“Dammit. That’s not the news I wanted to hear today,” I growled to myself. The bad news traveled quickly, the annual Long Beach-to-Catalina Offshore Endurance race had not only been cancelled for 2019, but according to RPM Enterprises’ Ross Wallach, indefinitely.
Wallach wrote this morning, “Offshore Endurance Racers: RPM Racing Enterprises regrets to announce the cancellation of the 2019 LB2CAT – Long Beach to Catalina & Back IJSBA Offshore Endurance National Championships scheduled for Sunday September 22nd. The event is being cancelled due to lack of committed entries. If you have any questions, please contact RPM RACING at (310) 318-4012 or firstname.lastname@example.org”
The 52-mile-round trip endurance race is one of the oldest offshore PWC endurance races period. Dating back to the mid-1990s, the LB2CAT once required racers aboard ancient 2-strokes to beach at the island town of Avalon to refuel before returning back to the mainland.
After a short hiatus and a transfer of ownership, the LB2CAT became leaner, meaner and more streamlined. No more stops on Catalina Island. No refuel teams needed. Modern supercharged runabouts suddenly cut event times in half. Average speeds rocketed by double.
Racers from across the US, Canada and even Australia flocked to Long Beach, California. Hell, it was the race that earned Kawasaki’s modern (2007-plus) Ultra JetSki its fame as the crowned king of offshore racing. It was the American gold standard of one-day, open ocean, offshore racing.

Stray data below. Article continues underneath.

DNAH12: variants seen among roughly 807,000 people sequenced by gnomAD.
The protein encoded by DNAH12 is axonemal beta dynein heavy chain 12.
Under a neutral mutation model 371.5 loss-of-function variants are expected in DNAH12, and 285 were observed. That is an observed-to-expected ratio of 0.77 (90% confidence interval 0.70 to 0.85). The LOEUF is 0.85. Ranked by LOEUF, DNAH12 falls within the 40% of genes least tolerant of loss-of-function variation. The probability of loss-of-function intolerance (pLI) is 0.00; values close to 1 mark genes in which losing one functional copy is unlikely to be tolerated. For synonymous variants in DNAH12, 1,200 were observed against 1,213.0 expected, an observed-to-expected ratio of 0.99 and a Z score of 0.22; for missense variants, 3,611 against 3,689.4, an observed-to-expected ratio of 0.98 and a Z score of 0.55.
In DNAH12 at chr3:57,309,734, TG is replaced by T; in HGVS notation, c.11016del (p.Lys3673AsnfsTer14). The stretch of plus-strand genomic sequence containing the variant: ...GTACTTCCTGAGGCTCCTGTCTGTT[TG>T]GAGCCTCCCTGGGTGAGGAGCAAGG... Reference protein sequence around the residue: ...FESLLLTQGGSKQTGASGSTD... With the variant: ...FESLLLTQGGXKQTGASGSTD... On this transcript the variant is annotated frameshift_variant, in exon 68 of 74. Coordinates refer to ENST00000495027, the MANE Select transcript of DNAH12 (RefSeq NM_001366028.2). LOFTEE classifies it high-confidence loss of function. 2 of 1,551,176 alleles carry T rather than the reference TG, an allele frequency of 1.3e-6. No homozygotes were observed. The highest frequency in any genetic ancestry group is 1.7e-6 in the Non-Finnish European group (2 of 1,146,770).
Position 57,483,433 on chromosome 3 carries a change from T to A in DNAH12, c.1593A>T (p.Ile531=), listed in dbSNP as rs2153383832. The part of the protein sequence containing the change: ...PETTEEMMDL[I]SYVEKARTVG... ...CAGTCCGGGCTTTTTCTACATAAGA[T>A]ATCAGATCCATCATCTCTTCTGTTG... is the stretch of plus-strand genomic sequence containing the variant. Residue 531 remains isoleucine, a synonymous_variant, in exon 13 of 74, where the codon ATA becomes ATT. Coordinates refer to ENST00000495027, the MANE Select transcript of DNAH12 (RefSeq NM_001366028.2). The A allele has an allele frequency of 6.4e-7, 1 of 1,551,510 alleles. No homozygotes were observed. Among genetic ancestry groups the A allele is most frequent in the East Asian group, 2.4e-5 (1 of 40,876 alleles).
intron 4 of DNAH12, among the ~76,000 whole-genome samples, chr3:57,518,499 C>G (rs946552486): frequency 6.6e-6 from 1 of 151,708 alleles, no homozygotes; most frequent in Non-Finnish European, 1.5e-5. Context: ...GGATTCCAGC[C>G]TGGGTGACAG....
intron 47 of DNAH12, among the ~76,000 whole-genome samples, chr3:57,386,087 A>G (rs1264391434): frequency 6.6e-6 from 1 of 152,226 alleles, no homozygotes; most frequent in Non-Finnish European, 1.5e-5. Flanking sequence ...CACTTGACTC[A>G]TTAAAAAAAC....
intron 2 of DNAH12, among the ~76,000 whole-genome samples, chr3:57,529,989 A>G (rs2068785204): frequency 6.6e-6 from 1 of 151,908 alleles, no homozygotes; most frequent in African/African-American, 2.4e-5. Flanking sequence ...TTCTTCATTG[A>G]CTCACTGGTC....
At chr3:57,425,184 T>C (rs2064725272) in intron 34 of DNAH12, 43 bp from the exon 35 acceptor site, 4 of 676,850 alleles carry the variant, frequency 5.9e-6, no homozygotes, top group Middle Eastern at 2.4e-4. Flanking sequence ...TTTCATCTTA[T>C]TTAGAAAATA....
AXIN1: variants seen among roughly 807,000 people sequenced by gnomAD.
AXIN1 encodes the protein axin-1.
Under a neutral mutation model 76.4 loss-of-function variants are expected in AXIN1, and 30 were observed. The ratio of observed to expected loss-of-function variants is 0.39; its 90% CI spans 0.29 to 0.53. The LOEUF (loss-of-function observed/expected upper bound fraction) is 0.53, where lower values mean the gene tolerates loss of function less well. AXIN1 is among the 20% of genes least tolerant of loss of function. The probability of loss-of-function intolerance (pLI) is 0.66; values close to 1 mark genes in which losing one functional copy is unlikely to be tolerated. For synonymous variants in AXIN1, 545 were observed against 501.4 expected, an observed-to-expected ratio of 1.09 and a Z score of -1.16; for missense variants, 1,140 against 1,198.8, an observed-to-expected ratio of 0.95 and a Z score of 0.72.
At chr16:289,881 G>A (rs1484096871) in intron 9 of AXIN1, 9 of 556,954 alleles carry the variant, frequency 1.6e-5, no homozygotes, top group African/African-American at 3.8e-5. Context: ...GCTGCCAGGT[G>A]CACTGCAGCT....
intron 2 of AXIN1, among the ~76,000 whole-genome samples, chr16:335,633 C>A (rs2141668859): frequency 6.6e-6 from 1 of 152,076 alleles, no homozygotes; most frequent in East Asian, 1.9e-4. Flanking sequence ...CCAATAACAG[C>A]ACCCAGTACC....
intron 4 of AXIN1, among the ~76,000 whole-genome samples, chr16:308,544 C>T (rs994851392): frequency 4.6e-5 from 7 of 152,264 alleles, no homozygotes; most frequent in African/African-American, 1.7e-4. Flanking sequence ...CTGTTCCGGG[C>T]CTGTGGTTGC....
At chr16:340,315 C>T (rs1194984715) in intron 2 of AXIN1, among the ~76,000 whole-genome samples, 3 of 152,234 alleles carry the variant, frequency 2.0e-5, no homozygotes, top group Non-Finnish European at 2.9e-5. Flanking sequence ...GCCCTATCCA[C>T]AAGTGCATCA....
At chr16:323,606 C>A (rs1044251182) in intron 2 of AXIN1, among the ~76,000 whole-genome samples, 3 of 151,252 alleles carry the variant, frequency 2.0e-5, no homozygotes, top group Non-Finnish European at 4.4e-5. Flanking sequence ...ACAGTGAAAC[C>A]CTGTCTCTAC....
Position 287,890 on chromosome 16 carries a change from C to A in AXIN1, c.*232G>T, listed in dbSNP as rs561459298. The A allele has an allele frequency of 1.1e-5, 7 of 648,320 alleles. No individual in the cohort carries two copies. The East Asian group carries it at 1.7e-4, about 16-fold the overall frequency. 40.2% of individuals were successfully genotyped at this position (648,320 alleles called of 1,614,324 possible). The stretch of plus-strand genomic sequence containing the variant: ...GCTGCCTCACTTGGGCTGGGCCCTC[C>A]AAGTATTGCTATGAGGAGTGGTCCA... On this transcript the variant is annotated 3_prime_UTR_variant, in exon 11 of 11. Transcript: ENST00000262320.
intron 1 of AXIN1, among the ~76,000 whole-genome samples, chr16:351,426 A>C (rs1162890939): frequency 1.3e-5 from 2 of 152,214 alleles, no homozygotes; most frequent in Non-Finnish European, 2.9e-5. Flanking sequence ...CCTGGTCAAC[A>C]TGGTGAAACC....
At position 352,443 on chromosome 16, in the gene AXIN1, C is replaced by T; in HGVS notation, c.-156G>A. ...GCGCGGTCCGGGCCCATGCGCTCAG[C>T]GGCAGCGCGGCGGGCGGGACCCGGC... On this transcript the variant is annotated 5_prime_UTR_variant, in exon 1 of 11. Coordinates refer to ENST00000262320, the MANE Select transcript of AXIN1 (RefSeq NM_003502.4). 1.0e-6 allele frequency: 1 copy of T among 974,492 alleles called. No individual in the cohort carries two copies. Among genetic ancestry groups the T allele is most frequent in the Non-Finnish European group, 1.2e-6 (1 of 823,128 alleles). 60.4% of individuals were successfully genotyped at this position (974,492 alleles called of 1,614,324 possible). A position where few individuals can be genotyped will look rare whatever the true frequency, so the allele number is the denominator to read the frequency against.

I had personally raced it 5 times, earning one class championship (Manufacturer Stock) and a Top 10 place. Weather was always a crap shoot; conditions could be densely overcast with mirror-like water; or the skies could be so clear that Avalon’s whitewashed casino was visible from Queensgate while the oceans churned with 6-to-8 foot chop. You simply had to be ready to take a beating.
Wallach had graciously pushed the event back once – from mid-July to September 22nd – but the necessary pre-registration entries weren’t enough to guarantee enough racers to make the event fiscally sound. In recent years, participation had dwindled to low 20’s – a sad death to a legacy event.
If you would like to see the Long Beach-to-Catalina Offshore Endurance race return in 2020, then you must reach out to promoter Ross Wallach at (310) 318-4012 or email@example.com, and do so quickly. Who knows? I might just dust off my helmet and give it another go too.